The whole of the human condition is revealed by this album: it is well-executed on the surface, but its independent spirit is bound up in pleasing others with what they already know, in order to get power. As a result, it is a fun listen until you start thinking about hearing it a dozen times. It’s more instrumentally competent than your average retro-thrash band, but strays mostly into speed metal territory, mix and matching riffs from 1980s speed metal bands so that verse and chorus riffs each resemble well-known types but they don’t appear together as in the original song. Most of these songs are repetitive verse-chorus with a break to provide contrast before the reprise. Oddly, the vocals are whispered and distorted like a black metal band but using the rhythms of a late 1980s band like Sodom or Kreator. This is well-executed but I wouldn’t want to hear it again, especially as I heard all of these ideas the first time around — back in the 1980s.

http://www.youtube.com/watch?v=KgxTN9M_3uM

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Underground Never Dies! LP details released

andres_padilla-underground_never_dies-boxsetThe forthcoming release of Underground Never Dies! on Doomentia Records will be accompanied in its first pressing by a unique LP which features classic tracks from back in the early days of the death metal underground.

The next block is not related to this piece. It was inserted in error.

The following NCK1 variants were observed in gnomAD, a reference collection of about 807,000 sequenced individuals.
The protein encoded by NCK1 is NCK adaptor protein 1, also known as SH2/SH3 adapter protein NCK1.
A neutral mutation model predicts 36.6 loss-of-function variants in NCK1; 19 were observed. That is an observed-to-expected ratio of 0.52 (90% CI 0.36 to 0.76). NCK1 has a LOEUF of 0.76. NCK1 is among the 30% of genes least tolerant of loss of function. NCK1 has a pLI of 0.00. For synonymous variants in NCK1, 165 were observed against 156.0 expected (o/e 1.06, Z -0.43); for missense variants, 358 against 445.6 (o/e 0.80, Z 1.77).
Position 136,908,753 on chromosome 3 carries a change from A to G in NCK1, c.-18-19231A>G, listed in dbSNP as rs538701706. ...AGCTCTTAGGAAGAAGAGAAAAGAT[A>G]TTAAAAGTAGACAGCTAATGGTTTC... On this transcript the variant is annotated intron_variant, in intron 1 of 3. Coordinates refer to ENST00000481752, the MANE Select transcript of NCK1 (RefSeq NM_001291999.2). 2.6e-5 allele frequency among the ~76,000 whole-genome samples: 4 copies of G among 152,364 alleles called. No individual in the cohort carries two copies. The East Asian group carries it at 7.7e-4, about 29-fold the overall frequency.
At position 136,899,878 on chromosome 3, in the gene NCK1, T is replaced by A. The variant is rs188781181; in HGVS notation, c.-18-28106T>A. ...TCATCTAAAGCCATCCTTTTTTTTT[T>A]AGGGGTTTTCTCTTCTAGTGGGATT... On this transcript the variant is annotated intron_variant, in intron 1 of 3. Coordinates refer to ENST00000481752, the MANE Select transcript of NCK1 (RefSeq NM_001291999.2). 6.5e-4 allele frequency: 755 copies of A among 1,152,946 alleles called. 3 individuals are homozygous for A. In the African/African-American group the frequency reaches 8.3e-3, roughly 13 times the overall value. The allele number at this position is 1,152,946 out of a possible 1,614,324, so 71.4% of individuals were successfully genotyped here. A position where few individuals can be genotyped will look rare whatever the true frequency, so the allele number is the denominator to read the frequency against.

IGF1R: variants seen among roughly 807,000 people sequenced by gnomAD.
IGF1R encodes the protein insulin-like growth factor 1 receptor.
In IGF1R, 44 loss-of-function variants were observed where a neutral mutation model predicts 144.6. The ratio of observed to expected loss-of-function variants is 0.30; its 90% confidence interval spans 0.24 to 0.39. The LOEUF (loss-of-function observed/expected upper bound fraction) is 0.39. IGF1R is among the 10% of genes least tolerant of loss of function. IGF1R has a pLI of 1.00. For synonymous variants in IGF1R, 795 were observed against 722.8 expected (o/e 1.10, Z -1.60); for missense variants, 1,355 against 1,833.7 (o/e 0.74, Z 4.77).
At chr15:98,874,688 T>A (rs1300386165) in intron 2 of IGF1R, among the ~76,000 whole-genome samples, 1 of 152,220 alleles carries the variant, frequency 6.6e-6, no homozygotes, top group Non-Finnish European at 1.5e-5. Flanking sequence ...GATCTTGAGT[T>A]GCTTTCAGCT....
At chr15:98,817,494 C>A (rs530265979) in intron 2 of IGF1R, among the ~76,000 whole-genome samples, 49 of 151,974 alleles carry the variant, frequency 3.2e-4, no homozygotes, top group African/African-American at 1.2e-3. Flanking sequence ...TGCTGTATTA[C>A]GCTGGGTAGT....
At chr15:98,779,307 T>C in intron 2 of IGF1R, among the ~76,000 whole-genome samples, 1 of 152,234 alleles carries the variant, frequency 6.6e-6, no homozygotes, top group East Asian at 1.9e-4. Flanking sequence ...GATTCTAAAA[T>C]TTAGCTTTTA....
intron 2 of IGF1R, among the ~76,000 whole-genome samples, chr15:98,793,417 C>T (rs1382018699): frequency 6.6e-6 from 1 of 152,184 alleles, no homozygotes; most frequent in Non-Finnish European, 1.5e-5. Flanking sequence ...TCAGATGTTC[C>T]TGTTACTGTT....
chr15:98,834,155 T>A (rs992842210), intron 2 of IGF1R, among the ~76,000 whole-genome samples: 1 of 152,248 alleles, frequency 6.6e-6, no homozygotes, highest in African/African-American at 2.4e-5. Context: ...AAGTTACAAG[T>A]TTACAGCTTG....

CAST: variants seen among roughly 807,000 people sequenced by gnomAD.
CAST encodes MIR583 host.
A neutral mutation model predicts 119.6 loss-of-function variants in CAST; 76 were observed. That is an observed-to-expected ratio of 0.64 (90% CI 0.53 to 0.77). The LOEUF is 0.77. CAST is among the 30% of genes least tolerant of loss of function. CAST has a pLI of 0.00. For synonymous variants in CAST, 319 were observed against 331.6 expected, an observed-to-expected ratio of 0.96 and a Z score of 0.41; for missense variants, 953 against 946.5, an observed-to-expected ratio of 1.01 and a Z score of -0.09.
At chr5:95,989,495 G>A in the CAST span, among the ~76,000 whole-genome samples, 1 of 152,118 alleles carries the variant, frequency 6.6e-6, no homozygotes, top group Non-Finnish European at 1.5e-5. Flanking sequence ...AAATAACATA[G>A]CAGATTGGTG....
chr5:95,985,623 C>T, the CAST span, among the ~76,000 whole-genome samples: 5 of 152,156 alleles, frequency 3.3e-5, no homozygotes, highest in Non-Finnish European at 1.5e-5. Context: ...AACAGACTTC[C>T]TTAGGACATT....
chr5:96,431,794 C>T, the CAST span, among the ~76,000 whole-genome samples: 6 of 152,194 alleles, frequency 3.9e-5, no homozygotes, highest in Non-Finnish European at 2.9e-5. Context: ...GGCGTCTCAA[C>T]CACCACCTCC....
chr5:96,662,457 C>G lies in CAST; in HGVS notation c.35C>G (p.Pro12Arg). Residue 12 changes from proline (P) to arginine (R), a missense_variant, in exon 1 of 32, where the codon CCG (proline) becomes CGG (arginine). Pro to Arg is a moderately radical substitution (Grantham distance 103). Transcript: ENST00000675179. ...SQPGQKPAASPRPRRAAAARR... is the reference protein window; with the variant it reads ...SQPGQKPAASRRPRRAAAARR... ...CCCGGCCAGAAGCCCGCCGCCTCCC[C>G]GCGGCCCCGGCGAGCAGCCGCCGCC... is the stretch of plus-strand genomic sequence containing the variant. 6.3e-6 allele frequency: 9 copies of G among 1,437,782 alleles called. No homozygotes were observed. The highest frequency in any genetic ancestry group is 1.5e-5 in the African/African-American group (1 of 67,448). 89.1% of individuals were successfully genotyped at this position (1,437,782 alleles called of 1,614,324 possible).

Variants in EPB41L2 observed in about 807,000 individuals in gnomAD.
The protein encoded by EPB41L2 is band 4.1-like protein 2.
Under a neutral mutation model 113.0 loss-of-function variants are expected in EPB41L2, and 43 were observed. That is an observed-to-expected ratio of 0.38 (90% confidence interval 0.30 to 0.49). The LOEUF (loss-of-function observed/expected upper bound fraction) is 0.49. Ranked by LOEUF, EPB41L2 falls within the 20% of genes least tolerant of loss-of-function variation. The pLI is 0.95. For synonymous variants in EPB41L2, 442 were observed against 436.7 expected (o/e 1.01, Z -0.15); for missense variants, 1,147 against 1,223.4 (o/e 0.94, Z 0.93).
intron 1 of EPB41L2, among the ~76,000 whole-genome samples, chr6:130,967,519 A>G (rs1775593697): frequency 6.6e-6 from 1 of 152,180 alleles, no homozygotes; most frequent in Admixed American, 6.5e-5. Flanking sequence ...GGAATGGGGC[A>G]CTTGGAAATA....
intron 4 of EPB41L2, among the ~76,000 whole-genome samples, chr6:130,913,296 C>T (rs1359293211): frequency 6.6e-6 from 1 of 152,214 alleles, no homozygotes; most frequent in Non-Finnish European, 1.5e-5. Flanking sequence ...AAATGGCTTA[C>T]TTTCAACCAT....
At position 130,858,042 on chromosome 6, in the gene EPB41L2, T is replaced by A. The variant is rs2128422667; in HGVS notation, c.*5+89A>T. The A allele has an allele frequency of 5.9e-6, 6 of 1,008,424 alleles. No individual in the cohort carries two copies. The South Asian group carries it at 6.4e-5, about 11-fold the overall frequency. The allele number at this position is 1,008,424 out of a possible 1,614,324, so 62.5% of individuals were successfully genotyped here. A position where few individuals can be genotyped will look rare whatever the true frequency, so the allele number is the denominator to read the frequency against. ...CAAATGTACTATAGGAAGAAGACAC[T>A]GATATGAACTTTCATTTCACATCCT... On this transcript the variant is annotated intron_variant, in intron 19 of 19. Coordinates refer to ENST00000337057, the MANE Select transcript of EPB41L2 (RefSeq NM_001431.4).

Thanks to author Andrés Padilla, editor of Grinder Magazine (CL), the world can now see what’s on the LP. But first, information about the LP itself. There will be several batches, as follows:

  • Box set
    • Limited to 150 copies
    • Massive box with custom padding for:
    • Underground Never Dies! book
    • LP on colored vinyl
    • MC
    • CD
    • A1 poster
  • 500 x vinyl
    • 150 on black/white HALF/HALF effect
    • 350 on black
  • 500 x CD
  • 200 x MC
  • 500 x Underground Never Dies! book

This means that 500 LPs will go out with the book, and another 500 LPs, 500 CDs and 200 MCs will be available for underground maniacs. There’s going to be a run on these at your local distros, especially the padded box set which is “massive” in form and content if early reports are right.

Next, what’s on it? Here’s a complete tracklist:

     
SIDE A